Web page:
SAPPORO – A Chinese man forcibly brought to Japan during World War II to work at a coal mine in Kuriyama, Hokkaido, attended a memorial service there Monday for Chinese laborers who died at the mine.
On his first visit to Hokkaido in 61 years, Feng Yiping, 75, from Guangzhou in southern China, met Sunday with Toshikazu Togashi, 73, the grandson of the coal mine manager at the time. Togashi and Feng had exchanged letters, resulting in Togashi inviting Feng to visit Kuriyama.
Feng was brought to Japan from Shanghai in 1944 at the age of 13 and was the youngest of the 294 Chinese workers at the mine.
Togashi, who lives in Noboribetsu, Hokkaido, was informed that Feng donated his memoirs on his wartime experiences to a war memorial hall in Shanghai last year, and he became convinced that Feng was the boy who had worked at the mine during the war, he said.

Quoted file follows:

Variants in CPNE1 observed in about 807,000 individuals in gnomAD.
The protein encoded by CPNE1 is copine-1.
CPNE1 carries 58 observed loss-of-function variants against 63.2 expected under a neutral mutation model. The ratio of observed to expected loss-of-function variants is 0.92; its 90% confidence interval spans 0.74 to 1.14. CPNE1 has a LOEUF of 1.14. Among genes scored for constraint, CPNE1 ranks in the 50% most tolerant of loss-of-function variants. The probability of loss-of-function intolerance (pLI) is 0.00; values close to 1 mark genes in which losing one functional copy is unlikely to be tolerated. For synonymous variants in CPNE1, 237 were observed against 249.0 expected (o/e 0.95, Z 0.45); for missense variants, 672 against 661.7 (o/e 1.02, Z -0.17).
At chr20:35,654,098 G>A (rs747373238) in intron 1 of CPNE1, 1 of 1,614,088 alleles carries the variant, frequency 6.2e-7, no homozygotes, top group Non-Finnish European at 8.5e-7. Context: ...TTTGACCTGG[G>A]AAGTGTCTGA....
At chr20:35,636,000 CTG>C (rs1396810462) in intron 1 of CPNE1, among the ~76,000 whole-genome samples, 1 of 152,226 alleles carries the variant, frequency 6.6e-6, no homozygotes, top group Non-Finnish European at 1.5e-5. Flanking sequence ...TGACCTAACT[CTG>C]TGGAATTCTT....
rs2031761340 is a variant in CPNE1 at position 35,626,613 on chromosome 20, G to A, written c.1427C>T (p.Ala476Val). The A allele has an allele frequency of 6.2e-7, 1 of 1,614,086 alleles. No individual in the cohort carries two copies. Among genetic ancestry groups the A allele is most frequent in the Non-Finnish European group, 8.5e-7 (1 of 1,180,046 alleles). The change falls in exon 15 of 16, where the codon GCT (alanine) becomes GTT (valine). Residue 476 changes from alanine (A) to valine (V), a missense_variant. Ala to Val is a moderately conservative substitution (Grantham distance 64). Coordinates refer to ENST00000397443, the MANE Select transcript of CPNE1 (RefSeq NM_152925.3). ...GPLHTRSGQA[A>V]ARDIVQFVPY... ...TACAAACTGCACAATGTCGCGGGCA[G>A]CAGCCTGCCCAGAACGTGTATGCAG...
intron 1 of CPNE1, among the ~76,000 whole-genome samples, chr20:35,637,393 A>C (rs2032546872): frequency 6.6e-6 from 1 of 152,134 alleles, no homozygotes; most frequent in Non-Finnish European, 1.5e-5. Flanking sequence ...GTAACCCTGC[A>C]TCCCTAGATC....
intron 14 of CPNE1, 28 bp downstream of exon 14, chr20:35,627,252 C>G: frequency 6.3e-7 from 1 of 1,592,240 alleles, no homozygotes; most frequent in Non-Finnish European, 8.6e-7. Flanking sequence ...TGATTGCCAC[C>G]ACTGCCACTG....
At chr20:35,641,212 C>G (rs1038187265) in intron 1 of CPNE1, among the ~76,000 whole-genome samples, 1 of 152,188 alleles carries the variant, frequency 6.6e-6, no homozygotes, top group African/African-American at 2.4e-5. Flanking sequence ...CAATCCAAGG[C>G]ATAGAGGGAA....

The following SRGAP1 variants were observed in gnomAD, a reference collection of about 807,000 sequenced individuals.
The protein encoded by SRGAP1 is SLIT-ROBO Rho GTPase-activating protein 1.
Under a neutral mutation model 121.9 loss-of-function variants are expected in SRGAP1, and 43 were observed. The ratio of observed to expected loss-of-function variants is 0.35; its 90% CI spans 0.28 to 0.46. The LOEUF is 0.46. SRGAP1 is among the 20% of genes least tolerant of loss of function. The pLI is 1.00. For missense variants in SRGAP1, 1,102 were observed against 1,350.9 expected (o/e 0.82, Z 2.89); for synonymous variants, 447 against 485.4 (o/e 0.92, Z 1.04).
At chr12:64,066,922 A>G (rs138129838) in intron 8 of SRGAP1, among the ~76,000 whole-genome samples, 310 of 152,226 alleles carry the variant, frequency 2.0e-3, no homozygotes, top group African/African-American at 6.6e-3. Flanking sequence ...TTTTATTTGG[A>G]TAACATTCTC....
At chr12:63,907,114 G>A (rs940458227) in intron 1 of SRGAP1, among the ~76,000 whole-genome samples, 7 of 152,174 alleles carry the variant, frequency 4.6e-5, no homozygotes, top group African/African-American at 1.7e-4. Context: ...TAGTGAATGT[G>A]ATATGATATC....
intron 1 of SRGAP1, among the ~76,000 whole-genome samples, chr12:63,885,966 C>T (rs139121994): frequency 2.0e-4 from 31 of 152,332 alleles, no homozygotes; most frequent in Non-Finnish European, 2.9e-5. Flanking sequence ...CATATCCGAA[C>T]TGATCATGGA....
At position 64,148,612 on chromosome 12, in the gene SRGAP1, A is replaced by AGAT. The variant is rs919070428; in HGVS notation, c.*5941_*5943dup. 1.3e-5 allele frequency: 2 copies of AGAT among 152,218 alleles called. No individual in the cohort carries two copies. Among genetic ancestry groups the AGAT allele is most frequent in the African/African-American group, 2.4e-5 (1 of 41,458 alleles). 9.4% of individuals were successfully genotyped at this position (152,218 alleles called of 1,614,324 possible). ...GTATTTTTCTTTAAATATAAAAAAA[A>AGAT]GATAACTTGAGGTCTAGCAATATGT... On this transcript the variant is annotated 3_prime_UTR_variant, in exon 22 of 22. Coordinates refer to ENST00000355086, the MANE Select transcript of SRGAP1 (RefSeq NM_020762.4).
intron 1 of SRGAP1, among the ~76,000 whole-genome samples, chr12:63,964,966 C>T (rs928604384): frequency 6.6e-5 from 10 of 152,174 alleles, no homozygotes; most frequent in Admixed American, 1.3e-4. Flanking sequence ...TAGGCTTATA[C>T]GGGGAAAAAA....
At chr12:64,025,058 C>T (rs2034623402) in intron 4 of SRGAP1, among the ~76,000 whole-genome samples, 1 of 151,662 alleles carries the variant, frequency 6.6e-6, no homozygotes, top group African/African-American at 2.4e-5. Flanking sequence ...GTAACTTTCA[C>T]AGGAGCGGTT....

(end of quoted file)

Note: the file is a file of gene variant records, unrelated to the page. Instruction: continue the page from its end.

Responding to Togashi’s letter inviting him to attend the memorial service, Feng wrote, “It’s a miracle. I would love to come.”
In his letters, Feng also wrote that a supervisor at the mine beat him, that he tried to commit suicide, and that some of his fellow workers died after being hit on the head with a hammer.
However, in their exchange of letters and photos of their grandchildren, the two shared the view that they should strive to build peace for future generations.
“I hope his visit will make Japanese people aware of the issue of forced labor during the war,” Togashi said.
In a time of both misinformation and too much information, quality journalism is more crucial than ever.
By subscribing, you can help us get the story right.